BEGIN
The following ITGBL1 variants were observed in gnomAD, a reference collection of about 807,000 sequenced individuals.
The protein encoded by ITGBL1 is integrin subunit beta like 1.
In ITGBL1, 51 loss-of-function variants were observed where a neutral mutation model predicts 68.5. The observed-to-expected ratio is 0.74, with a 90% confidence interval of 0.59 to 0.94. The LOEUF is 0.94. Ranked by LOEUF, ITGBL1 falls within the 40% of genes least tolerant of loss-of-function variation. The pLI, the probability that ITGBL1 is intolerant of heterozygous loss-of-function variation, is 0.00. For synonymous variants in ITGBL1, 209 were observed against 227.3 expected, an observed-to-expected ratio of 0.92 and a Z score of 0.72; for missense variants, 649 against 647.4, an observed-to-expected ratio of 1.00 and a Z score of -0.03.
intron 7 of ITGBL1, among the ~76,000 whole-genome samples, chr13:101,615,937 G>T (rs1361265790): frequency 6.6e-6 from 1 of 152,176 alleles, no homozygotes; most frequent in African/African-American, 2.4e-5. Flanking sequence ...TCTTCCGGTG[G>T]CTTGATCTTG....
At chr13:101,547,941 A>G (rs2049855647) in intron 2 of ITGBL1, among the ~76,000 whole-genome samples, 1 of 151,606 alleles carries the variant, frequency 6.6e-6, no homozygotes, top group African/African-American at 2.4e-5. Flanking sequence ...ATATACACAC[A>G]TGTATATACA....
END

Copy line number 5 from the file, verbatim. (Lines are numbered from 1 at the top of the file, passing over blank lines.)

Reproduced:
At chr13:101,547,941 A>G (rs2049855647) in intron 2 of ITGBL1, among the ~76,000 whole-genome samples, 1 of 151,606 alleles carries the variant, frequency 6.6e-6, no homozygotes, top group African/African-American at 2.4e-5. Flanking sequence ...ATATACACAC[A>G]TGTATATACA....